Developing complex systems is easier than ever before. Plenty of frameworks or component systems not only help developers at the time of writing the code, they often also bring in tools to help during deployment and operation stages.
Containerization using Docker or similar technologies provides us with the amazing possibilities of deploying software to our local developer machine, to on-premises systems and the cloud in a simple, always similar fashion. Developing an application moves closer to the how you’d run it in production.
On the other hand, Continuous Integration and Continuous Delivery, together with resource managers and orchestrators, bring repeatable builds and automatic deployments to our canary or production environments.
And finally, the cloud(s) bring much more physical hardware resources and better reliability. Not to forget though, faster, more reliable and redundant internet uplinks.
The world couldn’t be better, could it?
Failure is Part of Life
It could, without system failures, software bugs, network issues. Everything would be as awesome as in the Lego™ movie.
The unfortunate truth though, failure is part of our daily business. Failure is part of our (professional) life.
Everyday thousands of hard-disks or SSDs fail. Uplinks loose connectivity and traffic must be re-routed, or power is lost in data centers. Software bugs hit us hard or a simple human error deleted all of the data table’s content. Sh…tuff just happens.
It’s important to understand that every system has issues, some are homemade, some are out of our influence. Some crash applications, some crash NASA rockets.
Embrace the Failure
Giving up is not an option though, therefore the correct solution to the only constant in life (next to PI), the failure, is attacking it straight up.
It is important to understand there is always a problem and to embrace it. To embrace in the sense of not being afraid of issues, not feeling the fear of problems, but thinking ahead one or two steps.
Because, if you embrace the failure, you can do everything. Let me repeat and proof that, with this small video; YOU CAN DO EVERYTHING!
Building Resilient Systems
Alright, back to the beginning: building reliable and resilient systems is hard.
The biggest part of making a system resilient is to never forget about possible failures and plan on how you could mitigate them.
If this seems impossible, try to understand what the best and fastest way is to find a problem, analyze and fix it.
And believe me, there are plenty of situations where it is literally impossible for you to prevent failures from arising, or do you have your own power plant? ?
Mitigation of failures includes a lot of planning ahead. It starts with the framework being used to develop and maybe one or more separate cluster middleware solutions.
After that it heads straight over to the different database technologies being considered. And let me remind you, a relational database might not always be the best option. If something doesn’t need ACID compliant consistency, eventual consistent services might be perfectly fine. Those are most commonly optimized for higher availability and run in clusters.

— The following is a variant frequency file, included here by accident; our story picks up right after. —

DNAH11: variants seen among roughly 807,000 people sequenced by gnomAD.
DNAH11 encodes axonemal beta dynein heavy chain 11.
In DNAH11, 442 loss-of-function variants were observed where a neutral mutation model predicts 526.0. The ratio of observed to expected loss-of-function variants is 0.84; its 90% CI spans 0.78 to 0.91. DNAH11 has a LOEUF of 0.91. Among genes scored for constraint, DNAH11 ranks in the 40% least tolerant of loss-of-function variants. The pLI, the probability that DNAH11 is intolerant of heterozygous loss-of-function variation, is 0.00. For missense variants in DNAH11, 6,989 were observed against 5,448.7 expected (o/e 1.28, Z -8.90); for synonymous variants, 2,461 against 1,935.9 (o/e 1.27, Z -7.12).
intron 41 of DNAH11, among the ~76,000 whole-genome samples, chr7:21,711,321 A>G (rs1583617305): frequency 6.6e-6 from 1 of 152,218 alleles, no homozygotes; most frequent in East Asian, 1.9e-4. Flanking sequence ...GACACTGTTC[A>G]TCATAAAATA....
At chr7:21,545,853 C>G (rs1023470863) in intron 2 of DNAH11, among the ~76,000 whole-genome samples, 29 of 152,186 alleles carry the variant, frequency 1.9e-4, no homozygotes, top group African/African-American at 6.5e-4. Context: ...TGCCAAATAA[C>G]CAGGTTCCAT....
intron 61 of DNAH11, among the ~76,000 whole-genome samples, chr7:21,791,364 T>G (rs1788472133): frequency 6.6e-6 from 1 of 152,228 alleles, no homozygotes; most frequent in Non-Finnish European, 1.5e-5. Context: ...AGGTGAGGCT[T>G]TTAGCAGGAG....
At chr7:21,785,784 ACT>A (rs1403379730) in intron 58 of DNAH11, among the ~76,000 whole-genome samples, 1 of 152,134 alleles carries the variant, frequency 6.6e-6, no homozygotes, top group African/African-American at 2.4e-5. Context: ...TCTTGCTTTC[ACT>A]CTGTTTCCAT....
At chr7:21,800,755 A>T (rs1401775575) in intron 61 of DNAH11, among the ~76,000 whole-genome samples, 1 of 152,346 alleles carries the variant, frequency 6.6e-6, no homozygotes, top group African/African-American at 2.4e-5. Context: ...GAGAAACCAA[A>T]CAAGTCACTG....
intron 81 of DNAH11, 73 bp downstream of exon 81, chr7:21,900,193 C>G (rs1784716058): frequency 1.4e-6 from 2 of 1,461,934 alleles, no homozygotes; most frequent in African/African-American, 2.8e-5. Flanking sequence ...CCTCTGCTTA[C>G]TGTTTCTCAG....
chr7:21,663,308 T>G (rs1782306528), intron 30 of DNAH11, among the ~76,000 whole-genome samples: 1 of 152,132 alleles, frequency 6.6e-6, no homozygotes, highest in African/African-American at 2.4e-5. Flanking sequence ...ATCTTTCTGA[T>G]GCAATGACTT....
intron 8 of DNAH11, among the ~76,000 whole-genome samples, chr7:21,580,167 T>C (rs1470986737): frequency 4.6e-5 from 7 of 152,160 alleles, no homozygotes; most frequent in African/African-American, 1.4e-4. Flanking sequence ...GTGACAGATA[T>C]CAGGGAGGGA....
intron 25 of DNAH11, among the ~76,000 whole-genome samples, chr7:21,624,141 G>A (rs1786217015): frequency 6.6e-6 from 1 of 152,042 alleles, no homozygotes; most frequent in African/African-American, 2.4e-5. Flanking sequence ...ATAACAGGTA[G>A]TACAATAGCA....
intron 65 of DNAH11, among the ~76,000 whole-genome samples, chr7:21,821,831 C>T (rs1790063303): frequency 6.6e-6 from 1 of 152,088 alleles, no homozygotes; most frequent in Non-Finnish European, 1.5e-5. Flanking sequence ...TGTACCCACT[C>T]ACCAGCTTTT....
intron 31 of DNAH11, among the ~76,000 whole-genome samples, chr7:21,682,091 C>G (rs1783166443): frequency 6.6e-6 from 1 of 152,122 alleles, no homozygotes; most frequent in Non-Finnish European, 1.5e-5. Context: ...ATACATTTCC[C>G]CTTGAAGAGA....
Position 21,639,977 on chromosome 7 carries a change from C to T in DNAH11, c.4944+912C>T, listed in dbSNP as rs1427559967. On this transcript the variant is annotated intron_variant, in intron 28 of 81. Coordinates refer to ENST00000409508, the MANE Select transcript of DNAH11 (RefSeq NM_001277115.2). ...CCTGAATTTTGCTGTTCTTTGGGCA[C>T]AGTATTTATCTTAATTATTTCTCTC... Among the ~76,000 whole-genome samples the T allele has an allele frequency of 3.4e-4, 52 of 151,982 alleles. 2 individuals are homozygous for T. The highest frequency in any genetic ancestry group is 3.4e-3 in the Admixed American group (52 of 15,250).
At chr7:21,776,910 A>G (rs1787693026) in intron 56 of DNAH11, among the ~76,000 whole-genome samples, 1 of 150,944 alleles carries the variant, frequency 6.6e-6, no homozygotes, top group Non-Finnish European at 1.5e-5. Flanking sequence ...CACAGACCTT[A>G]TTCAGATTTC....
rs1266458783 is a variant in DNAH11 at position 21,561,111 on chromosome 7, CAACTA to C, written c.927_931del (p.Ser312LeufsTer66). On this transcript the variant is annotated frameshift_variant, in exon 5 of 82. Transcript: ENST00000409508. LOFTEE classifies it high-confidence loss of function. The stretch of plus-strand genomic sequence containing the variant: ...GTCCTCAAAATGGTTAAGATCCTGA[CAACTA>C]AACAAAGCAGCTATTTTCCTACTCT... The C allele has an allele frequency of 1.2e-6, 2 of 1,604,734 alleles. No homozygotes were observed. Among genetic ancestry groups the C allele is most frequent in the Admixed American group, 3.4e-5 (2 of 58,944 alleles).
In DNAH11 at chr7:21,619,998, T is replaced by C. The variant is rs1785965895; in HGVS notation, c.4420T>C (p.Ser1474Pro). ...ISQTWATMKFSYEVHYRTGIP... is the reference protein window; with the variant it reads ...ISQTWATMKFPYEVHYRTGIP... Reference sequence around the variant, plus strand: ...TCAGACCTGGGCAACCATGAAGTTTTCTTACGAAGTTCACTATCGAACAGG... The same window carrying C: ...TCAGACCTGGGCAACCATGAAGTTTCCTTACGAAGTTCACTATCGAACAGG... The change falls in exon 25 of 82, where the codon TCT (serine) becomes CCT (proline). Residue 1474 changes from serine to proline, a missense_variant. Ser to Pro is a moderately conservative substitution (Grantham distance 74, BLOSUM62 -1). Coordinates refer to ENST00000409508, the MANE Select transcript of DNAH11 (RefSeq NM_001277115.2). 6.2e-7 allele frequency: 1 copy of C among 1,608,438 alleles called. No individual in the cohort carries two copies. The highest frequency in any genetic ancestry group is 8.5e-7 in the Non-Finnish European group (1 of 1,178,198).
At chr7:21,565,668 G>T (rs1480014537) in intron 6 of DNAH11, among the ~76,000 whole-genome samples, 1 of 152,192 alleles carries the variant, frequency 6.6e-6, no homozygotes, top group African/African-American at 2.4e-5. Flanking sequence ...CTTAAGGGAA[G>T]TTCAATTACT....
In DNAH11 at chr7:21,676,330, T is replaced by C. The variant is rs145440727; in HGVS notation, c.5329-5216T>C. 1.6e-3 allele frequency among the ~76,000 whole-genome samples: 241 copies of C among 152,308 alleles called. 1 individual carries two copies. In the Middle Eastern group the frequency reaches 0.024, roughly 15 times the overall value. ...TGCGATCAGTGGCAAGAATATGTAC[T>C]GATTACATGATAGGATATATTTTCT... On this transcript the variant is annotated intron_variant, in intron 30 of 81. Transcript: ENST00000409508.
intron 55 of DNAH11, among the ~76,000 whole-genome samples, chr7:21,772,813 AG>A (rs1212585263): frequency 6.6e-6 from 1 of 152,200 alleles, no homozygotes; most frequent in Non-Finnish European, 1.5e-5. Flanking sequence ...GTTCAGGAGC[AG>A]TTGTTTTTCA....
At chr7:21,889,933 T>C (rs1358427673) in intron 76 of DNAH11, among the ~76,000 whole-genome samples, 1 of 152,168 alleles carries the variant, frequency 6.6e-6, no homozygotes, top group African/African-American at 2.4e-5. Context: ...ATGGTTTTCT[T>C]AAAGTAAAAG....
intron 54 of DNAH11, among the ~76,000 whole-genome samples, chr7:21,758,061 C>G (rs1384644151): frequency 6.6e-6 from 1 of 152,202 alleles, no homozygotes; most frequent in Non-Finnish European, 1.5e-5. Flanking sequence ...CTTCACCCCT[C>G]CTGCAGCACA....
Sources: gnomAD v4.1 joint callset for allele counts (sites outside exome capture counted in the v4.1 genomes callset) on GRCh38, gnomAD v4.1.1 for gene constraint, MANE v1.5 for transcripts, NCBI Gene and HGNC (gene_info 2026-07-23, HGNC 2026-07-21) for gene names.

Onwards to resource management environments like Kubernetes, Docker, and similar systems, deployment should be fast, simple, repeatable and if possible, the same process wherever you deploy to. Abstractions like Kubernetes, OpenShift or Cloud Foundry are perfect for that kind of scenario.
Finally, also think about where you deploy. Deployment environments like on-premise systems and / or cloud providers, and how issues with hardware or cloud services could be mitigated.
For that reason, resilient systems sometimes use multiple possibilities altogether, or support quick migrations from one environment to another.
That said, any system I’d build starting today would support multiple cloud environments as it’s basic DNA. Remember, Kubernetes or other resource managers ease this process to a level of “almost don’t care”.
Find, Analyze, Fix
To quickly discover issues or bugs in the system, the infrastructure, or the network, a good monitoring and performance management solution should be in place.
Obviously, I’d always recommend Instana. I’m not recommending Instana because I work for them, it’s more the other way around; I work for them because the system is amazing. The swiss army knife.
The reason is simple: Automation.
Instana automates monitoring of the infrastructure, your cluster environments and applications or services. It dynamically recognizes started or stopped services and adjusts itself to the new situation. It instruments services on-the-fly (no code changes necessary for many programming languages) and captures not only traffic between services but traces requests all the way through the system.
Anyhow, any monitoring platform is better than none ?
Everything can be Awesome
To make sure our systems are fully working (at least from a user’s perspective) and our customers are happy, a lot of thought needs to go into the upfront planning and selection of tools. Oh and stick to the plan! ?
When deployed, keep a close eye on the systems, the infrastructure, the applications.
And if you’re lucky and everything is green at some point in time, have a beer. Be quick though, it’s not going to be green for long.
Oh, and if I could get you interested in Instana (and if not, you should be – seriously), get a free 14 days trial right here. Install it to a test environment and let Instana do its (black) magic, you’ll be blown away. I promise ?
Last but not least, remember failure is always an option, just make sure nobody notices. That’s why we run clusters of things across multiple availability zones and use techniques like circuit breakers. More on those topics and techniques will be in the focus of upcoming blog posts. Stay tuned.